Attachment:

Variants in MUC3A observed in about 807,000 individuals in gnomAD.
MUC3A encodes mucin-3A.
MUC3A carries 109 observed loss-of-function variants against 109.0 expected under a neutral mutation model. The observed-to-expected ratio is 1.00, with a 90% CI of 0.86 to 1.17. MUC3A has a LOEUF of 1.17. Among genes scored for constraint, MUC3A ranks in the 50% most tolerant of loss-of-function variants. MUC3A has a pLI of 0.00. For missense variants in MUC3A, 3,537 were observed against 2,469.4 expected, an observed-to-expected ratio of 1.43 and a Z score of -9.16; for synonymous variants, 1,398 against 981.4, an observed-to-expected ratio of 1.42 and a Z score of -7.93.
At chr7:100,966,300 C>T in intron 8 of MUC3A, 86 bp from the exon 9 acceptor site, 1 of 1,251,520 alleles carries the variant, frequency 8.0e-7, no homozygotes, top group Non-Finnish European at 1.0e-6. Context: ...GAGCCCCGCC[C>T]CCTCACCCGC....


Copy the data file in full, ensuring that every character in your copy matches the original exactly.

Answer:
Variants in MUC3A observed in about 807,000 individuals in gnomAD.
MUC3A encodes mucin-3A.
MUC3A carries 109 observed loss-of-function variants against 109.0 expected under a neutral mutation model. The observed-to-expected ratio is 1.00, with a 90% CI of 0.86 to 1.17. MUC3A has a LOEUF of 1.17. Among genes scored for constraint, MUC3A ranks in the 50% most tolerant of loss-of-function variants. MUC3A has a pLI of 0.00. For missense variants in MUC3A, 3,537 were observed against 2,469.4 expected, an observed-to-expected ratio of 1.43 and a Z score of -9.16; for synonymous variants, 1,398 against 981.4, an observed-to-expected ratio of 1.42 and a Z score of -7.93.
At chr7:100,966,300 C>T in intron 8 of MUC3A, 86 bp from the exon 9 acceptor site, 1 of 1,251,520 alleles carries the variant, frequency 8.0e-7, no homozygotes, top group Non-Finnish European at 1.0e-6. Context: ...GAGCCCCGCC[C>T]CCTCACCCGC....